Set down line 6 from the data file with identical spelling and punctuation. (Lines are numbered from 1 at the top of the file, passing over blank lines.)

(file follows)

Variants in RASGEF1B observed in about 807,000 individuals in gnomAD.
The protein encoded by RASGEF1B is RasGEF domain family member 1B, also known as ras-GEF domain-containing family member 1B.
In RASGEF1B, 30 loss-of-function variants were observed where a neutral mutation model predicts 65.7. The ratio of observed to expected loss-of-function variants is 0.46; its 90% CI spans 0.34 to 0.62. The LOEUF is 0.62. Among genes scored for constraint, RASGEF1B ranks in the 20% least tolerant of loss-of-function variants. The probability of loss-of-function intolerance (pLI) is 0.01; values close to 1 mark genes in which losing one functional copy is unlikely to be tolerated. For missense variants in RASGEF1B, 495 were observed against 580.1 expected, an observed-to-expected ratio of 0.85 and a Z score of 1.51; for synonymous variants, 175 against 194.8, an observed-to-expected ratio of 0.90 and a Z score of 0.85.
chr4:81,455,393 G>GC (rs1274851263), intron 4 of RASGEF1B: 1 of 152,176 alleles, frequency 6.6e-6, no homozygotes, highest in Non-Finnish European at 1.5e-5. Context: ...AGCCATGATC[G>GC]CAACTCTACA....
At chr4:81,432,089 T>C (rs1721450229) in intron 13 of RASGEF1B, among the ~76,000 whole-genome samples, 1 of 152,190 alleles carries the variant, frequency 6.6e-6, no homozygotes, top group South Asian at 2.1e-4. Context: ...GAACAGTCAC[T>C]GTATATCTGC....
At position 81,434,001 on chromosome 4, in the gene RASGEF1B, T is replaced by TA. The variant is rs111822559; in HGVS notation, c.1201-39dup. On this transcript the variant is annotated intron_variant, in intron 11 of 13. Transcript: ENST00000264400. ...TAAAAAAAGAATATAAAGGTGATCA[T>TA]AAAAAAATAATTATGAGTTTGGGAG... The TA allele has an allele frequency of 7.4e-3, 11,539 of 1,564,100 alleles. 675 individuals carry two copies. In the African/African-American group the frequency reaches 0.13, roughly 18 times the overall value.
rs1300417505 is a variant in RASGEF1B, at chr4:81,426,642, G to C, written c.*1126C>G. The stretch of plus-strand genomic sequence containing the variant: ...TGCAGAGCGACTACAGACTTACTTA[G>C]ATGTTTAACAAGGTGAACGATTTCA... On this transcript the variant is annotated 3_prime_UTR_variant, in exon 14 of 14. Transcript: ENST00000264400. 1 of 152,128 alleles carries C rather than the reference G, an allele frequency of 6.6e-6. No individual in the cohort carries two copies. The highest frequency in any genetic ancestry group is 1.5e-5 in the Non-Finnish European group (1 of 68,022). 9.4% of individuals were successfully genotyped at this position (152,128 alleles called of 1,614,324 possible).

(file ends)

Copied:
At position 81,434,001 on chromosome 4, in the gene RASGEF1B, T is replaced by TA. The variant is rs111822559; in HGVS notation, c.1201-39dup. On this transcript the variant is annotated intron_variant, in intron 11 of 13. Transcript: ENST00000264400. ...TAAAAAAAGAATATAAAGGTGATCA[T>TA]AAAAAAATAATTATGAGTTTGGGAG... The TA allele has an allele frequency of 7.4e-3, 11,539 of 1,564,100 alleles. 675 individuals carry two copies. In the African/African-American group the frequency reaches 0.13, roughly 18 times the overall value.